Libya PM "not aware" of arming, training Syria rebels

WASHINGTON Thu Mar 8, 2012 1:18pm EST

WASHINGTON (Reuters) - Libya's prime minister on Thursday denied Russian accusations that his country was running camps to train and arm Syrian rebels but expressed strong support for Syrians "who are raising their voice asking for freedom."

Libyan Prime Minister Abdurrahim El-Keib, speaking to reporters after meeting U.S. Secretary of State Hillary Clinton in Washington, said his country had been the first to recognize Syria's national opposition council.

"We did it because we felt that the Syrian cause is a good cause. It's people who are raising their voice asking for freedom," El-Keib said.

"As far as training camps, unless this is something that is done without government permission, which I doubt, I am not aware of any."

A senior U.S. official later said he believed El-Keib's comments had firmly denied the existence of any such training camps.

On Wednesday, Russia's ambassador to the United Nations accused Libya of establishing a special training center for Syrian rebels and arming fighters in their battle to overthrow the country's president Bashar al-Assad.

Ambassador Vitaly Churkin told the U.N. Security Council that Russia had information that Libya was actively supporting the Syrian rebel effort, which he said was completely unacceptable and undermining the stability of the Middle East.

Russia, which is Syria's main arms supplier and has use of a naval base there, also has repeatedly voiced anger over NATO air strikes that helped Libyan rebels drive Muammar Gaddafi from power last year.

It also has blocked U.S.- and Arab-backed initiatives at the United Nations calling for Assad to step aside, saying it wanted a more balanced approach.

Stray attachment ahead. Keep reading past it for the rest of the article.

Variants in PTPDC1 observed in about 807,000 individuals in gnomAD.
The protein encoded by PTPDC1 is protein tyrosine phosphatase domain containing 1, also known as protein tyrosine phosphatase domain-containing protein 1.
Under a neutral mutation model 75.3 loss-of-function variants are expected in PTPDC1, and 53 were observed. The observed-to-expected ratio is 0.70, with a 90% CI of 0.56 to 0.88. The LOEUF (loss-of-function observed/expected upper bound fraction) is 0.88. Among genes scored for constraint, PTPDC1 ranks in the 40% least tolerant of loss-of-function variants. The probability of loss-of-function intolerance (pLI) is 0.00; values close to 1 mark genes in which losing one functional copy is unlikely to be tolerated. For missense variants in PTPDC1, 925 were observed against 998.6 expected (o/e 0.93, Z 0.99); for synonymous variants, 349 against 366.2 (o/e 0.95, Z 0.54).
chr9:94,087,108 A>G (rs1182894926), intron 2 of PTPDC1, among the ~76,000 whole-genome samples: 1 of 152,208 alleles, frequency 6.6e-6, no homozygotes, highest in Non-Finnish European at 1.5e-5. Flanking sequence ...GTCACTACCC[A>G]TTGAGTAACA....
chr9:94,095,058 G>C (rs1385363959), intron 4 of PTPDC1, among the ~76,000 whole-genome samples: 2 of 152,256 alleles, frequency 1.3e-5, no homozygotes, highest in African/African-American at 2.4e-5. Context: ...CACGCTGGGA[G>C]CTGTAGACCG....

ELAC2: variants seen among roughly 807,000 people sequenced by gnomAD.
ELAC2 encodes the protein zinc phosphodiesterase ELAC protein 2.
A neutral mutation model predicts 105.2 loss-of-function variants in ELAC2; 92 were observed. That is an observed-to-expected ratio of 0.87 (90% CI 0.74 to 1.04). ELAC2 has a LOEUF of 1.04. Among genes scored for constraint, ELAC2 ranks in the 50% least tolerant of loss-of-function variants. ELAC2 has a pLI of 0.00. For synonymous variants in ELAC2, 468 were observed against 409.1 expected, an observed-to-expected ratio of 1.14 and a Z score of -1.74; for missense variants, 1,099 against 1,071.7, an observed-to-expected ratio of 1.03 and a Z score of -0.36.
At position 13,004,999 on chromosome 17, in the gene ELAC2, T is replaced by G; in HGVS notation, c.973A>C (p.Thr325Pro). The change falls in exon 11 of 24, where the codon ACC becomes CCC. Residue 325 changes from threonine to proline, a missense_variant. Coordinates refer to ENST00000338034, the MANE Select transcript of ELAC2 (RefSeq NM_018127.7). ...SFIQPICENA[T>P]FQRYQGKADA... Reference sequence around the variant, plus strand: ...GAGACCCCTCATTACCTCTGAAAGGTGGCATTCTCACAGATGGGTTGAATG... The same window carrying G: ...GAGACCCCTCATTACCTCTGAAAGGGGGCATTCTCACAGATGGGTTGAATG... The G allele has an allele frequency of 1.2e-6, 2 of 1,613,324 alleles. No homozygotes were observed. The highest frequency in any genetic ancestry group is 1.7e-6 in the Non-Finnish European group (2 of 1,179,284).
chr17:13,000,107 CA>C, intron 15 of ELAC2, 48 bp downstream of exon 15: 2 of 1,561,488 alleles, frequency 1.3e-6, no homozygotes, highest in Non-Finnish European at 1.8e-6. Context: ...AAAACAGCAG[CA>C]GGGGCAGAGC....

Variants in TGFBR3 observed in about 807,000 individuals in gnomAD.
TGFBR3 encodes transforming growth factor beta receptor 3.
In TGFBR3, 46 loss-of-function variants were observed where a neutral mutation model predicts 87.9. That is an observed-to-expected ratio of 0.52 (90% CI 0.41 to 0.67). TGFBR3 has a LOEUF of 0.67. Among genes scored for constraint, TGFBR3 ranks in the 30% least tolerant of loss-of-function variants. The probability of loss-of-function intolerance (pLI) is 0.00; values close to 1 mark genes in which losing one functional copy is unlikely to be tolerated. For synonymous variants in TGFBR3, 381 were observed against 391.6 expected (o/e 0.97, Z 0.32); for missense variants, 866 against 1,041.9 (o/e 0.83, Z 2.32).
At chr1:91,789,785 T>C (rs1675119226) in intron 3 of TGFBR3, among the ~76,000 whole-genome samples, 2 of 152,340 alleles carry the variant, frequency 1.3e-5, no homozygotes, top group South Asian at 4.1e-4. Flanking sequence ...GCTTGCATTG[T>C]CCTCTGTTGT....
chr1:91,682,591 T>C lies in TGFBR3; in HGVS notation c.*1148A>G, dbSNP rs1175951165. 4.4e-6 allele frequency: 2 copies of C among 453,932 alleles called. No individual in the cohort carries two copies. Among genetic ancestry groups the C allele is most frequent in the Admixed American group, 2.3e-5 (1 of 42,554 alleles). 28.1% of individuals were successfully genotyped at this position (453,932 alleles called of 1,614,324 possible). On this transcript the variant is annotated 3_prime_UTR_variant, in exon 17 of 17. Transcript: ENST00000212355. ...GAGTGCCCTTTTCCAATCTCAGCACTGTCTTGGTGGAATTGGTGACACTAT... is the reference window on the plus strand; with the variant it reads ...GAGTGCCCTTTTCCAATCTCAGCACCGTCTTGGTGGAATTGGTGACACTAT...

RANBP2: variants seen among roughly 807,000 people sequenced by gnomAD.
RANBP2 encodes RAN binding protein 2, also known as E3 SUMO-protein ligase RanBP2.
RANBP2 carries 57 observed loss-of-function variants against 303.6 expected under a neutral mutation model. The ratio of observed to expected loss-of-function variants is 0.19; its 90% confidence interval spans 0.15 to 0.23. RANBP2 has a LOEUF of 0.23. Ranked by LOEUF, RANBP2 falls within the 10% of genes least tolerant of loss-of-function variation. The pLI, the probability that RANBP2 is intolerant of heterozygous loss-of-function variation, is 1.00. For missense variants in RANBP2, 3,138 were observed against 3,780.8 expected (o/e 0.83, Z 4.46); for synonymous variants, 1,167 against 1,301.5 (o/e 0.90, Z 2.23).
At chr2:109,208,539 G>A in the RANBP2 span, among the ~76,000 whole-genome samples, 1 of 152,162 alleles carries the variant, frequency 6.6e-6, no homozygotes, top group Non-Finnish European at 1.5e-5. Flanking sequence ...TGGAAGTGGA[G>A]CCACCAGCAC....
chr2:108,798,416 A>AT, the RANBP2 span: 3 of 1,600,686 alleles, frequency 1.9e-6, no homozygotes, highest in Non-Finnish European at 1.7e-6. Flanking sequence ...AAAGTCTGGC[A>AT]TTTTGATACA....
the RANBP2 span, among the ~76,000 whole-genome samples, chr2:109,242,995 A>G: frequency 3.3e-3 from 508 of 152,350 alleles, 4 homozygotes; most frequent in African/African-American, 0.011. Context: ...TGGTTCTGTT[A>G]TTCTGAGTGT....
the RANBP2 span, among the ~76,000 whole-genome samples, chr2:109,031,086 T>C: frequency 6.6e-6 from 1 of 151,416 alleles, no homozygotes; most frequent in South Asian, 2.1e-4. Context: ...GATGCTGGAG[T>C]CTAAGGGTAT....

Libya said last month that it would donate $100 million in humanitarian aid to the Syrian opposition and allow them to open an office in Tripoli.

BUILDING A UNIFIED FRONT

Clinton, in her remarks, praised Libya's progress in building democracy and said Syria's opposition could learn from the Libyan example in mustering a coordinated, unified front to face down a tyrant.

"We are working closely with the Syrian opposition to try to assist them to be able to present that kind of unified front and resolve that I know they feel on their own behalf is essential in this struggle against the brutal Assad regime," she said.

The Obama administration, facing growing calls for stronger action on Syria, is working to build an international coalition to assist Syria's opposition but has rejected military intervention of the kind that occurred in Libya.

Clinton said the United States would seek to assist Libya on governance and security issues as it heads toward June elections for an assembly to draw up a new constitution.

She also said she had brought up yet again the case of Abdel Basset al-Megrahi, who was convicted of engineering the 1988 bombing of a U.S.-bound airliner over Lockerbie, Scotland.

Megrahi remains free in Tripoli after having been returned to Libya in 2009 after being released from a Scottish jail on grounds he was suffering from terminal cancer and the United States has repeatedly urged Libya's new rulers to see that he is returned to prison.

"We know that Libya faces a multitude of challenges but at the same time they have assured us that they understand the sensitivities of this case and they will give the matter the consideration it deserves," she said.

Keib thanked Clinton for U.S. help thus far and said Tripoli hoped for more future cooperation, particularly on Libya's campaign to track down remnants of Gaddafi's regime who have taken shelter outside Libya.

"They have been a nuisance and they have been causing problems and we need them back to give them proper justice and we also need the funds they have stolen from the Libyan people," he said.

Keib dismissed concerns over calls for greater autonomy for eastern Cyrenaica province - home to most of the country's oil - saying this represented "democracy in practice" and was not necessarily a threat to Libya's integrity.

"I disagree with the approach ... because it has to be through the constitution that we are about to create that this issue should be raised," he said.

(Reporting By Andrew Quinn; Editing by Bill Trott)

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